Four features of cheap SEO content

For many years, cheap content worked and so high quality content wasn’t really valued. People simply weren’t willing to invest more than a couple of pounds per article and so this gave rise to a whole industry where foreign providers exploited the lower cost of living in their country. They employed writers for low pay who would then churn out content that just about passed as English. Everyone was a winner. Oh, except web users, who were forced to interpret web pages that were often spectacularly badly written.

Recent Google updates have started to change this, but there are still many people working in web marketing who are struggling to adapt and who are still looking to buy content at rates that are simply unrealistic. Generally speaking, if content is ridiculously cheap, it is going to be poor.

If your own language skills aren’t up to evaluating the quality of the content you have bought, here are four features of cheap SEO content that you might like to look out for. You might not notice them, but many of your users will.

1. Americanisms

If you have a UK website, then you should use British English. Certain phrases are obvious, like ‘cell phone’ or ‘vacation’ but watch out for American spellings as well, such as ‘color’, ‘jewelry’ and ‘humor’. Also, although ‘-ize’ endings (such as in ‘recognize’) are technically acceptable in British English, many readers will associate them with American English where ‘-ise’ is never used.

2. Lists

If you’re trying to bang out a 200-word article in 20 minutes to meet your targets, you’re looking for any way to swiftly and easily bump up the word count. Many writers resort to listing products or categories from the website they are writing on behalf of.

E.g. “If you’re looking for games, we have action games, adventure games, arcade games, car games, motorbike games, puzzle games, casino games, sports games, platform games, strategy games, shooting games, etc.”

This reads really badly. Any more than three or four different products or services is too many.

3. Indian English errors

There are a great many exceptional Indian writers. However, none of them work for £3 an article. When you pay those sorts of sums, you can expect to see certain errors which are commonly seen in Indian English, such as:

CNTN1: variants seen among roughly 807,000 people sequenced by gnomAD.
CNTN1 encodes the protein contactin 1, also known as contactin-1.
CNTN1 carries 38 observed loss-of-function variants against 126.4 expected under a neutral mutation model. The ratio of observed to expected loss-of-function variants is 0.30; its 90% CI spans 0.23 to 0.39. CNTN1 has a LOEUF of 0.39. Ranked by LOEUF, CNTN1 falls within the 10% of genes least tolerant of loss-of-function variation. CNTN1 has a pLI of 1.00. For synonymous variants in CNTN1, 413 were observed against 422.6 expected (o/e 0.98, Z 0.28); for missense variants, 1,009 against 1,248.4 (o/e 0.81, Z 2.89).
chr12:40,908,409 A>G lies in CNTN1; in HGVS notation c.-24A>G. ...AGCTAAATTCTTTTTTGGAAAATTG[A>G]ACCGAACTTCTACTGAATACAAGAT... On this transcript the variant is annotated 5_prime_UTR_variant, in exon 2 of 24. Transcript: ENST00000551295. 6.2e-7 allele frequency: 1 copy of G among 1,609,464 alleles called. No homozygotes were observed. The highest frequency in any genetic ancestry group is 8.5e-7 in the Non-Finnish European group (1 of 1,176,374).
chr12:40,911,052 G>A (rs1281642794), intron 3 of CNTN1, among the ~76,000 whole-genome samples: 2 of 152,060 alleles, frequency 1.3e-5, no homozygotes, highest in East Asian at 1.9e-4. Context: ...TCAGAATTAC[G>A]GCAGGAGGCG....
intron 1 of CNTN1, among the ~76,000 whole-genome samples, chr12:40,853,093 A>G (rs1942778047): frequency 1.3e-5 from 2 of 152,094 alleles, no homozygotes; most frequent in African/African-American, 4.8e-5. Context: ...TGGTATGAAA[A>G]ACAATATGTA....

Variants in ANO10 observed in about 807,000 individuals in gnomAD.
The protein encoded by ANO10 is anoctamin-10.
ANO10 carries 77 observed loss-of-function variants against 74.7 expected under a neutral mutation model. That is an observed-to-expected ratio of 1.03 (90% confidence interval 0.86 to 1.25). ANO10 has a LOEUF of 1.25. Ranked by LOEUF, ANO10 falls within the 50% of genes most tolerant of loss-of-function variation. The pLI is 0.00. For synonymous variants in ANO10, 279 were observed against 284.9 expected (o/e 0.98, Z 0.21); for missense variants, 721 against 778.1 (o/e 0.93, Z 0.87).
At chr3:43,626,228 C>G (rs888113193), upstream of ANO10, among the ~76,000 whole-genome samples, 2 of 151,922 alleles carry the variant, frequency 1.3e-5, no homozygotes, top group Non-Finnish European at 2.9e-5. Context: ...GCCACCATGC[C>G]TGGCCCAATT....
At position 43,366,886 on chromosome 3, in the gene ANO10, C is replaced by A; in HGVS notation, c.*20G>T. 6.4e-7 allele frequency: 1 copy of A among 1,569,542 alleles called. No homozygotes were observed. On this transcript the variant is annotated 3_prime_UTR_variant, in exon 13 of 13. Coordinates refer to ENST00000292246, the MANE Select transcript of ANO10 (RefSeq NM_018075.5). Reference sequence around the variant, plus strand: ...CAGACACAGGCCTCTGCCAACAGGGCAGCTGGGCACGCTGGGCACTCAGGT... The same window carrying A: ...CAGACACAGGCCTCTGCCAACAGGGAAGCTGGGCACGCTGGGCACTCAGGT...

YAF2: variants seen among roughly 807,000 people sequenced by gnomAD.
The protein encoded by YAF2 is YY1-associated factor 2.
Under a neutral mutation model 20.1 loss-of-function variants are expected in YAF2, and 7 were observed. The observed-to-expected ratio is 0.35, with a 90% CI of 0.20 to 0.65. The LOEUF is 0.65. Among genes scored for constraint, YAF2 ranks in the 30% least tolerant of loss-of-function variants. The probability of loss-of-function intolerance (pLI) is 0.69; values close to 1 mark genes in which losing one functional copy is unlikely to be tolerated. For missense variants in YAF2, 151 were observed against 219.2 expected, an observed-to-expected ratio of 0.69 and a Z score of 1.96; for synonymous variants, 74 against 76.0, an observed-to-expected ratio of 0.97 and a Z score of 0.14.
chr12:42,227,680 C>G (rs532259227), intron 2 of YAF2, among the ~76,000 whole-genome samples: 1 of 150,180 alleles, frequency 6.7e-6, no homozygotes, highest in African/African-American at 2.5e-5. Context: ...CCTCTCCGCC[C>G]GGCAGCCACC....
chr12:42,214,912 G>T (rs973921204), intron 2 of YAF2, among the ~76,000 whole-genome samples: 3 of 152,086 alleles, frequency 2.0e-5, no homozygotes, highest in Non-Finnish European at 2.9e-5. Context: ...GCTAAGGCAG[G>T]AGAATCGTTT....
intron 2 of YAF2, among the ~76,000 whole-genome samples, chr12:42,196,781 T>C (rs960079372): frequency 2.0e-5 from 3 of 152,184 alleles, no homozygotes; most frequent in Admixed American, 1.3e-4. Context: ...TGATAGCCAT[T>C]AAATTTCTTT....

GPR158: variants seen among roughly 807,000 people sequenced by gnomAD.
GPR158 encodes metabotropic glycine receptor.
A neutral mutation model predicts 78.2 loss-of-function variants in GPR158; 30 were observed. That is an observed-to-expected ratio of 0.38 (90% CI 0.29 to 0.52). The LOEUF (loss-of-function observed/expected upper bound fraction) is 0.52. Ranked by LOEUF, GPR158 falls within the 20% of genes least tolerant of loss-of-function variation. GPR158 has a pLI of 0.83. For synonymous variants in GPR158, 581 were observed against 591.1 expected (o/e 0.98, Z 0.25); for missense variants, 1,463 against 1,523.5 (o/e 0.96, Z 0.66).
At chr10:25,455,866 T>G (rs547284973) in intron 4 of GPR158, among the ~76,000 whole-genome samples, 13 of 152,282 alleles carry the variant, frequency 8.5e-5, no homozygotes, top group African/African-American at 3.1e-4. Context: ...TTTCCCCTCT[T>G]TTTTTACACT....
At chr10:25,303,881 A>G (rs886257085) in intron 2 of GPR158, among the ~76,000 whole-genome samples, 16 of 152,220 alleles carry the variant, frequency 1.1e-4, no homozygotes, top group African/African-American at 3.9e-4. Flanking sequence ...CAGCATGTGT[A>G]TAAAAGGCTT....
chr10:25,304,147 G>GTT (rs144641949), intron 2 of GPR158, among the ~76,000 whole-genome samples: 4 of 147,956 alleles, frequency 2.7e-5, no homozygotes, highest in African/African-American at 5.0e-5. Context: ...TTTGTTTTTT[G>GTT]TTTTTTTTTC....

• ‘Reputed’ instead of ‘reputable’.
  • ‘Equipments’ and other pluralised mass nouns.
  • ‘Very essential’ – something is either essential or it’s not. There aren’t different degrees.
  • Unnecessary use of the word ‘forward’. E.g. ‘So, if you are looking forward to have absolute privacy in your room’.
  • ‘Would’ in place of ‘will’, introducing an unnecessary element of conditionality. E.g. ‘We would ensure that you are entirely happy with your purchase’ – to which I always find myself asking: ‘But…?’
  • Omission of ‘a’ or ‘the’. This creates a particular problem when combined with ‘few’. E.g. ‘I have a few things to do’ and ‘I have few things to do’ have completely different meanings.

4. Jarring keywords

If you see a very specific phrase shoe-horned into a sentence or the same few words cropping up repeatedly then someone is applying an outdated approach to optimising their web copy.

Conclusion

When it comes to the written word, quality isn’t a black or white thing. There’s no divide. All content lies somewhere in the large grey area between being flawless and unreadable and it’s up to you to decide what you’re happy with.

However, if you decide to adopt Google’s current standards, be aware that they could change in the future. Just because your site content appears to be acceptable at present, it doesn’t mean that the search engine’s threshold won’t be raised in the future. It has never yet been lowered and the features of cheap SEO content highlighted above might prove to be the kinds of signals that will be used to identify low quality content in years to come.